They stand before a table with a red cloth over it and a candle in the centre. The Lord President of the Council reads out the motion and The Queen nods her head and says “approved”.

That’s it. The politicians fly back to London and the Queen goes back to enjoying her holiday.
  #299  
Old 08-28-2019, 06:20 PM
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Quote:
Originally Posted by Rudolph View Post
Alastair Bruce described the meeting on Sky news.

He said Jacob Rees-Mogg and the two other privy councillors were picked up at the airport and brought to the castle. They’re met by the Queen’s equerry and lady in waiting. The Queen is in the library waiting and when she’s ready she presses a buzzer and the politicians are brought in.

They stand before a table with a red cloth over it and a candle in the centre. The Lord President of the Council reads out the motion and The Queen nods her head and says “approved”.

That’s it. The politicians fly back to London and the Queen goes back to enjoying her holiday.
Beyond belief. I would have said: "My Lords, your zest for the interest of Our People is well known and appreciated . Said Motion will be taken into Our Consideration. And hereby We command you in the Lord's holy protection".

That leaves the monarch time to have ample counsel on the Motion. At least she can give the impression it was deeply reviewed and considered on all merits.

But just a buzzer, a nod, "approved" and that was it for the UK's most turbulent legislation? Good heavens. This has exposed the monarchy as completely useless. Even the label "defender of the Constitution" can not be glued on them because they just are the PM's Ape Theatre : throw a nickel, and we perform a dance for you.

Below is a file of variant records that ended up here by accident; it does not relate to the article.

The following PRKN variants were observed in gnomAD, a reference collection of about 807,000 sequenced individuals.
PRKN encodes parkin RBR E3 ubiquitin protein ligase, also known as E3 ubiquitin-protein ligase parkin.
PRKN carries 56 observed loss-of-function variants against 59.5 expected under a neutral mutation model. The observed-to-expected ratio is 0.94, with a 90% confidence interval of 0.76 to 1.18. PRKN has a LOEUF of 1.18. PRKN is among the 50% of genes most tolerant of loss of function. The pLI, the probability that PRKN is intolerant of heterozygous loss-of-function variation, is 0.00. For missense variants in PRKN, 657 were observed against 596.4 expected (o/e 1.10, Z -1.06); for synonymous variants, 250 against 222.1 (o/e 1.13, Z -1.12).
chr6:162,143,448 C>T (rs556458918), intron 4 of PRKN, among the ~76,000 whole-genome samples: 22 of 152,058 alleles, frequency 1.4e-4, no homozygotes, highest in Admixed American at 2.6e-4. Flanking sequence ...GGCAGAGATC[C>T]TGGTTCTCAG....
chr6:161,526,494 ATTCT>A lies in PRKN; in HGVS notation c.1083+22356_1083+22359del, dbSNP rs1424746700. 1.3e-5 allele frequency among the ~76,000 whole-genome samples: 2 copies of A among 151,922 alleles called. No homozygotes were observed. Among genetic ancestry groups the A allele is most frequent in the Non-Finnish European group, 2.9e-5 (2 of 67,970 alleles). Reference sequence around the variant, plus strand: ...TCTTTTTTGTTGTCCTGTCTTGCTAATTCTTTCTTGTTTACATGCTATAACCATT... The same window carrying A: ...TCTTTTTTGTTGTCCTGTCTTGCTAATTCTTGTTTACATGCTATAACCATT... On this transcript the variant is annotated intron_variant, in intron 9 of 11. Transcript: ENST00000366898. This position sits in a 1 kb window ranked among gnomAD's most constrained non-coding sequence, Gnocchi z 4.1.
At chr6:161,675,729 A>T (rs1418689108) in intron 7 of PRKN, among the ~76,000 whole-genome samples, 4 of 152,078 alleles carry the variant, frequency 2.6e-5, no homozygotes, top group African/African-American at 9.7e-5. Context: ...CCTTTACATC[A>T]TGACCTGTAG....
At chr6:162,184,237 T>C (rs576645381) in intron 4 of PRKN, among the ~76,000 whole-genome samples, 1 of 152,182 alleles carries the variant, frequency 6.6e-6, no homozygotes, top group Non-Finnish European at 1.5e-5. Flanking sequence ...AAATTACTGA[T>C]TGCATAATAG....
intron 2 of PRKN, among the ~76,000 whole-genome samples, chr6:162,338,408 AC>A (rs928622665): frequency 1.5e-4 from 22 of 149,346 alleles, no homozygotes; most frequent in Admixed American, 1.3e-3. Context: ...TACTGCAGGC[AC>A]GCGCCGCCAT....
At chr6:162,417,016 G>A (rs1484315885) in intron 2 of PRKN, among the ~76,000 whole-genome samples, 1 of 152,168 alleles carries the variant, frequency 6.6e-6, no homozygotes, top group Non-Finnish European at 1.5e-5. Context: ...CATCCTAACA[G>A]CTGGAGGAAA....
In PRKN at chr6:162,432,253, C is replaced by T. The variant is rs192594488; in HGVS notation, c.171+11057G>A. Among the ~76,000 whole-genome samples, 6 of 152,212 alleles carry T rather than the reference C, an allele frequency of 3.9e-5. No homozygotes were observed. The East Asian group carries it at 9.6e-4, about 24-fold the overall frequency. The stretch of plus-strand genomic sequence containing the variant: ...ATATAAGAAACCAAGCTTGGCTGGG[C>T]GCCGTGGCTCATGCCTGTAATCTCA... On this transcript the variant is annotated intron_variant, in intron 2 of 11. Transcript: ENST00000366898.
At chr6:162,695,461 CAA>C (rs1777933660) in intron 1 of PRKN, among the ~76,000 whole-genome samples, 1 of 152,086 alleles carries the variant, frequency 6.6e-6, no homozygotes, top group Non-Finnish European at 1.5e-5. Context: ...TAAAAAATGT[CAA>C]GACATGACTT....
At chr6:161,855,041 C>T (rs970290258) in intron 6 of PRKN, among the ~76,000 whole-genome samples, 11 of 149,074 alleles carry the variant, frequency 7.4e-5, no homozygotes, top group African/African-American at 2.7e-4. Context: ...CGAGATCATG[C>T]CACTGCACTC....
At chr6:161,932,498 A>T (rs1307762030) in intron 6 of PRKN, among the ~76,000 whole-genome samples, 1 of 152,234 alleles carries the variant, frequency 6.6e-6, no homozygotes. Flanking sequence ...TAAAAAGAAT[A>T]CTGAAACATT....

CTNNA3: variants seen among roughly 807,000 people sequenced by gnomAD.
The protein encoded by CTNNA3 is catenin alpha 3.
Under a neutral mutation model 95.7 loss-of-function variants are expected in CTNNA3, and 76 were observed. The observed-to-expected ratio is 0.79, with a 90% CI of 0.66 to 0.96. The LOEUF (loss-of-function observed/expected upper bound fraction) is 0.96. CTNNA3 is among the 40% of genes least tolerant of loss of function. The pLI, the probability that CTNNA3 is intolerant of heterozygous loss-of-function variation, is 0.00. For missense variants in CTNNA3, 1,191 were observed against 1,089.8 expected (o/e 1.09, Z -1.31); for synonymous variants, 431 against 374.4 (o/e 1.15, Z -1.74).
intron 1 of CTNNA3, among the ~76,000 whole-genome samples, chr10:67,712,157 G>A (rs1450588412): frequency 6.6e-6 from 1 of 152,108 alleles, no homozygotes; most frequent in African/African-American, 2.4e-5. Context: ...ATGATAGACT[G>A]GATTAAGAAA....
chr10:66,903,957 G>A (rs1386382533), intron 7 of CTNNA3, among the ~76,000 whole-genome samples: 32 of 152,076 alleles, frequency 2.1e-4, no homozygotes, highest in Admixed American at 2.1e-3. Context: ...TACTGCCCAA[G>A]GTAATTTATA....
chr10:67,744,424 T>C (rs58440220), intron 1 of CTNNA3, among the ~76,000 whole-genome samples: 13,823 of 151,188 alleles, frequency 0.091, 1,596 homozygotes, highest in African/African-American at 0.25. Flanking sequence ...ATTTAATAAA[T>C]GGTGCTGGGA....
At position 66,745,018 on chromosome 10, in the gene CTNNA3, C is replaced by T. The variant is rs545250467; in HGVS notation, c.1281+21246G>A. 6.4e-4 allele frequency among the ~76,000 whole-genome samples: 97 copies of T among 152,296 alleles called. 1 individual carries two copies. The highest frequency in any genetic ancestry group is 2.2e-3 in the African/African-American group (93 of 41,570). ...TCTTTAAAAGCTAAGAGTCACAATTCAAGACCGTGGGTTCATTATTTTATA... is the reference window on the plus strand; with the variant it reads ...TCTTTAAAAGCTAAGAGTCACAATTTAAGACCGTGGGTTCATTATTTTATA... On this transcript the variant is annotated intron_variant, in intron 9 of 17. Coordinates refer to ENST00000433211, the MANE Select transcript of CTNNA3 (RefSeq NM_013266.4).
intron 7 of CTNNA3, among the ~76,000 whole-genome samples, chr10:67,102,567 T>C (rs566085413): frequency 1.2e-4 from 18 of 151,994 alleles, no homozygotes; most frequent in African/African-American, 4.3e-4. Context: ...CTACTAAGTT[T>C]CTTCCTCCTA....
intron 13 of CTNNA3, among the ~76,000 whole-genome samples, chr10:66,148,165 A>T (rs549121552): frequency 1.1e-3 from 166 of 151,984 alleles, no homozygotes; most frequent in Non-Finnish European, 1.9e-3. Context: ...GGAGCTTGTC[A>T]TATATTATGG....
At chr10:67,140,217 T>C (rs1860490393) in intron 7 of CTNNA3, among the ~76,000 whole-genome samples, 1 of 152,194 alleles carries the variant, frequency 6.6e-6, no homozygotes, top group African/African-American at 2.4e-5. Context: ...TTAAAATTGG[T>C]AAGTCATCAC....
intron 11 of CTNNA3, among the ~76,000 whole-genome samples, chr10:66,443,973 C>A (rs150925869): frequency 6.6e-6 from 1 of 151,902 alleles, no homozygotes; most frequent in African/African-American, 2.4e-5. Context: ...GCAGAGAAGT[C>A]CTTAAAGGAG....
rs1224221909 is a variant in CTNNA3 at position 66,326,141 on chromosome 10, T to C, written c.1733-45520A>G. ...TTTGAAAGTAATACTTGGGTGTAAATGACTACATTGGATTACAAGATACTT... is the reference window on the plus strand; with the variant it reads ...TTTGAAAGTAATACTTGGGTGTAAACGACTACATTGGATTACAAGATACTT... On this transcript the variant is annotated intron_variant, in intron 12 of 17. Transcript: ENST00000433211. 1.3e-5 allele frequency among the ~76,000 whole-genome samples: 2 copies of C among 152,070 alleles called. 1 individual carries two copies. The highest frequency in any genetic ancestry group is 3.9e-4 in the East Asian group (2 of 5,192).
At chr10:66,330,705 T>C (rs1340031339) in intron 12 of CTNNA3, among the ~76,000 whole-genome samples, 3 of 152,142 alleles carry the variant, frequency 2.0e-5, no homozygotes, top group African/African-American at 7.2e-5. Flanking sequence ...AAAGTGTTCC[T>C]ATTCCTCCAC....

#300  
Old 08-28-2019, 06:28 PM
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Quote:
Originally Posted by Duc_et_Pair View Post
In countries with a written Constitution, the head of state, advised by the most supreme legal counsels, can refuse because it violates the Constitution.

In the UK however, where Government and Parliament is more entangled in a complicated web of conventions and traditions, it is difficult for the Queen to have an own role above the parties because she simply has no such (there is the word) backstop by referring to article so-and-so and lemma so-and-so of the Constitution.

By coincidence Mr Johnson has proved why the EU and Ireland are so hammering on a Backstop option for the Irish border because that is the last guarantee when both sides do not come to an agreement.
Canada has a written constitution, but the Governor General who, under the written constitution has the power to prorogue Parliament, didn’t refuse to do that when asked by PM Stephen Harper.

If MPs don’t want the Queen to prorogue Parliament on the PM’s advice, all they need to do is to pass ordinary legislation stripping her of that power, as they took away for example her power to dissolve Parliament with the FTPA.


Not having a written constitution actually makes it easier rather than harder to limit the Queen’s power. In Canada , for example, to take away the GG’s powers of prorogation or dissolution, a constitutional amendment would be needed and the Legislative Assemblies of all 10 provinces would have to agree to it besides the Commons and the Senate.